Acta Neuropathologica  2013;126(6):917-929.
Telomerase reverse transcriptase (TERT) promoter mutations were recently shown to drive telomerase activity in various cancer types, including medulloblastoma. However, the clinical and biological implications of TERT mutations in medulloblastoma have not been described. Hence, we sought to describe these mutations and their impact in a subgroup-specific manner. We analyzed the TERT promoter by direct sequencing and genotyping in 466 medulloblastomas. The mutational distributions were determined according to subgroup affiliation, demographics, and clinical, prognostic, and molecular features. Integrated genomics approaches were used to identify specific somatic copy number alterations in TERT promoter-mutated and wild-type tumors. Overall, TERT promoter mutations were identified in 21 % of medulloblastomas. Strikingly, the highest frequencies of TERT mutations were observed in SHH (83 %; 55/66) and WNT (31 %; 4/13) medulloblastomas derived from adult patients. Group 3 and Group 4 harbored this alteration in <5 % of cases and showed no association with increased patient age. The prognostic implications of these mutations were highly subgroup-specific. TERT mutations identified a subset with good and poor prognosis in SHH and Group 4 tumors, respectively. Monosomy 6 was mostly restricted to WNT tumors without TERT mutations. Hallmark SHH focal copy number aberrations and chromosome 10q deletion were mutually exclusive with TERT mutations within SHH tumors. TERT promoter mutations are the most common recurrent somatic point mutation in medulloblastoma, and are very highly enriched in adult SHH and WNT tumors. TERT mutations define a subset of SHH medulloblastoma with distinct demographics, cytogenetics, and outcomes.
Electronic supplementary material
The online version of this article (doi:10.1007/s00401-013-1198-2) contains supplementary material, which is available to authorized users.
PMCID: PMC3830749  PMID: 24174164
TERT promoter mutations; SHH pathway; Adult; Medulloblastoma
12.  Subgroup specific structural variation across 1,000 medulloblastoma genomes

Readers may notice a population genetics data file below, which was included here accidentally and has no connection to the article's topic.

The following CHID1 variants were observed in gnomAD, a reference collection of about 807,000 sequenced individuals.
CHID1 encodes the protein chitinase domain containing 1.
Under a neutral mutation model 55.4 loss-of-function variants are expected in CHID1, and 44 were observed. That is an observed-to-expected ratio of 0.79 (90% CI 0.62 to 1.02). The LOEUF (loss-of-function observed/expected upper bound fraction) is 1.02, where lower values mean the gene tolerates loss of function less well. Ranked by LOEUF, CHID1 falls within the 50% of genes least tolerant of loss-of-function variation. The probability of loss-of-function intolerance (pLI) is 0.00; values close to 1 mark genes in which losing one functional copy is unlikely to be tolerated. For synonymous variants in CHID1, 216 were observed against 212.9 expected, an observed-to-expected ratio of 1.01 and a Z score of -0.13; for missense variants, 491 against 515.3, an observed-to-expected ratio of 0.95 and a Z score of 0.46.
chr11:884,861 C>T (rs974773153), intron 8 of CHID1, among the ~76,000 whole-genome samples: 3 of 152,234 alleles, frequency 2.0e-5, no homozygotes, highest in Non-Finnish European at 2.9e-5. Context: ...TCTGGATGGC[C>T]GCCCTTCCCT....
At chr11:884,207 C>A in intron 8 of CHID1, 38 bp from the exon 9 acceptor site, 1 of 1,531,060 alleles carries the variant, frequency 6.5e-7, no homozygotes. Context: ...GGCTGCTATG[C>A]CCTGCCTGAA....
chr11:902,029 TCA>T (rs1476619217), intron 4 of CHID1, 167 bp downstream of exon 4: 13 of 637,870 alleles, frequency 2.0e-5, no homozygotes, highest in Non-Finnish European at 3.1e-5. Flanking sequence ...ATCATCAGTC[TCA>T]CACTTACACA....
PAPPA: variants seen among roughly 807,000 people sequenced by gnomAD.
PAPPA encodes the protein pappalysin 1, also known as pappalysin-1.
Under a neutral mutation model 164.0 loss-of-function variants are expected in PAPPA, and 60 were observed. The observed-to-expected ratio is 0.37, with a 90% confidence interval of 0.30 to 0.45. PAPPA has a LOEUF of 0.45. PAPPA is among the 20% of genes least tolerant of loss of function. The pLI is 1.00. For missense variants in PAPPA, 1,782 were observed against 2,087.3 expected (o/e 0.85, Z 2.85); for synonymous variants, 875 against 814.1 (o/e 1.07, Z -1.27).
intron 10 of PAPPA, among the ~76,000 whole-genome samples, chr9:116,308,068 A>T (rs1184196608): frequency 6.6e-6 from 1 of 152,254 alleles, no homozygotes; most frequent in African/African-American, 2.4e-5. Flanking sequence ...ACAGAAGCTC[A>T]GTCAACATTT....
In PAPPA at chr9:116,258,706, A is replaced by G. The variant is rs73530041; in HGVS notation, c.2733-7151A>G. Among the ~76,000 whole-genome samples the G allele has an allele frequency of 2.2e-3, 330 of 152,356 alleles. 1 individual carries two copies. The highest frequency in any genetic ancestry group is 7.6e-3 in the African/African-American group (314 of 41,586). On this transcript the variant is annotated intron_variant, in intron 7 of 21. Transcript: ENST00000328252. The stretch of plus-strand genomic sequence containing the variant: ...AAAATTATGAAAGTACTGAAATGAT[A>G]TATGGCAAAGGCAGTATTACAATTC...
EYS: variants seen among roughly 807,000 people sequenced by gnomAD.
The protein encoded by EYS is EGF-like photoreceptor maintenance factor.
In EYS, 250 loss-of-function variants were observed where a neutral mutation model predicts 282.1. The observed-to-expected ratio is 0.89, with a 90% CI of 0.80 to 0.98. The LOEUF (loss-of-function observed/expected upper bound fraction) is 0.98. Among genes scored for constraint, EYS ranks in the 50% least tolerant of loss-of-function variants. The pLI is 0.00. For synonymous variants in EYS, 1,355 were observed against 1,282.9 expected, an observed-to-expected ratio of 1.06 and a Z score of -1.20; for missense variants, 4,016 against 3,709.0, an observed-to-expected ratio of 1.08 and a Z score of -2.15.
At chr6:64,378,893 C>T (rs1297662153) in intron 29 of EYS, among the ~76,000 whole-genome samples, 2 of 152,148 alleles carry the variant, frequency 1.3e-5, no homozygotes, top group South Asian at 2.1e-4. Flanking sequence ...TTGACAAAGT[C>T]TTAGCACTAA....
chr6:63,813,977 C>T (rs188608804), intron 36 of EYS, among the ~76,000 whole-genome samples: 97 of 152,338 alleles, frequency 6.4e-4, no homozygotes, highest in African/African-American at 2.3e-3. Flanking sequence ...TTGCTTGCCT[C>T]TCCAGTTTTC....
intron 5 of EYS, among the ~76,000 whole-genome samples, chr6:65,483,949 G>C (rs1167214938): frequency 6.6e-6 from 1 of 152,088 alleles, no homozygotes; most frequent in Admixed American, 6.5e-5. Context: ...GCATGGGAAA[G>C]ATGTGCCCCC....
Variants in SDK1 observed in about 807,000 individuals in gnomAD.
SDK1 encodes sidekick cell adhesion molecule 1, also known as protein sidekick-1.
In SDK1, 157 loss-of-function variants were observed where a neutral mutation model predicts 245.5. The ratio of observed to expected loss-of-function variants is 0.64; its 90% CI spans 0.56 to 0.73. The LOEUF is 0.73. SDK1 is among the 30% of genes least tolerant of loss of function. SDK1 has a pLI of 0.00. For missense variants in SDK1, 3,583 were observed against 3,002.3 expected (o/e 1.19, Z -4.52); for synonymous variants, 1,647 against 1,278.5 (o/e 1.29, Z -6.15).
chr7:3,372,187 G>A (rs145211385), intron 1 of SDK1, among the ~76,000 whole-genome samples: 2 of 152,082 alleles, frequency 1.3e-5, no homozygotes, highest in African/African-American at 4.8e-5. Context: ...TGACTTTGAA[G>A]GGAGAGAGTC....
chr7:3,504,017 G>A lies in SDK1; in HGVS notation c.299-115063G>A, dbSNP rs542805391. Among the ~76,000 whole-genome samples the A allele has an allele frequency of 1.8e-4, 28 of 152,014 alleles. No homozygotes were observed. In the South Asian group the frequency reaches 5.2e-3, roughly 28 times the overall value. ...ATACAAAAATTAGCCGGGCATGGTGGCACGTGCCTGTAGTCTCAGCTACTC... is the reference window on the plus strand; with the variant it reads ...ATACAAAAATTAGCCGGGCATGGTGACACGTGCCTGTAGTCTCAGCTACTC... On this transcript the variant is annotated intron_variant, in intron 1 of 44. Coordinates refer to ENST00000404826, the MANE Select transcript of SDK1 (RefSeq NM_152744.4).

Northcott, Paul A | Shih, David JH | Peacock, John | Garzia, Livia | Morrissy, Sorana | Zichner, Thomas | Stütz, Adrian M | Korshunov, Andrey | Reimand, Juri | Schumacher, Steven E | Beroukhim, Rameen | Ellison, David W | Marshall, Christian R | Lionel, Anath C | Mack, Stephen | Dubuc, Adrian | Yao, Yuan | Ramaswamy, Vijay | Luu, Betty | Rolider, Adi | Cavalli, Florence | Wang, Xin | Remke, Marc | Wu, Xiaochong | Chiu, Readman YB | Chu, Andy | Chuah, Eric | Corbett, Richard D | Hoad, Gemma R | Jackman, Shaun D | Li, Yisu | Lo, Allan | Mungall, Karen L | Nip, Ka Ming | Qian, Jenny Q | Raymond, Anthony GJ | Thiessen, Nina | Varhol, Richard J | Birol, Inanc | Moore, Richard A | Mungall, Andrew J | Holt, Robert | Kawauchi, Daisuke | Roussel, Martine F | Kool, Marcel | Jones, David TW | Witt, Hendrick | Fernandez-L, Africa | Kenney, Anna M | Wechsler-Reya, Robert J | Dirks, Peter | Aviv, Tzvi | Grajkowska, Wieslawa A | Perek-Polnik, Marta | Haberler, Christine C | Delattre, Olivier | Reynaud, Stéphanie S | Doz, François F | Pernet-Fattet, Sarah S | Cho, Byung-Kyu | Kim, Seung-Ki | Wang, Kyu-Chang | Scheurlen, Wolfram | Eberhart, Charles G | Fèvre-Montange, Michelle | Jouvet, Anne | Pollack, Ian F | Fan, Xing | Muraszko, Karin M | Gillespie, G. Yancey | Di Rocco, Concezio | Massimi, Luca | Michiels, Erna MC | Kloosterhof, Nanne K | French, Pim J | Kros, Johan M | Olson, James M | Ellenbogen, Richard G | Zitterbart, Karel | Kren, Leos | Thompson, Reid C | Cooper, Michael K | Lach, Boleslaw | McLendon, Roger E | Bigner, Darell D | Fontebasso, Adam | Albrecht, Steffen | Jabado, Nada | Lindsey, Janet C | Bailey, Simon | Gupta, Nalin | Weiss, William A | Bognár, László | Klekner, Almos | Van Meter, Timothy E | Kumabe, Toshihiro | Tominaga, Teiji | Elbabaa, Samer K | Leonard, Jeffrey R | Rubin, Joshua B | Liau, Linda M | Van Meir, Erwin G | Fouladi, Maryam | Nakamura, Hideo | Cinalli, Giuseppe | Garami, Miklós | Hauser, Peter | Saad, Ali G | Iolascon, Achille | Jung, Shin | Carlotti, Carlos G | Vibhakar, Rajeev | Ra, Young Shin | Robinson, Shenandoah | Zollo, Massimo | Faria, Claudia C | Chan, Jennifer A | Levy, Michael L | Sorensen, Poul HB | Meyerson, Matthew | Pomeroy, Scott L | Cho, Yoon-Jae | Bader, Gary D | Tabori, Uri | Hawkins, Cynthia E | Bouffet, Eric | Scherer, Stephen W | Rutka, James T | Malkin, David | Clifford, Steven C | Jones, Steven JM | Korbel, Jan O | Pfister, Stefan M | Marra, Marco A | Taylor, Michael D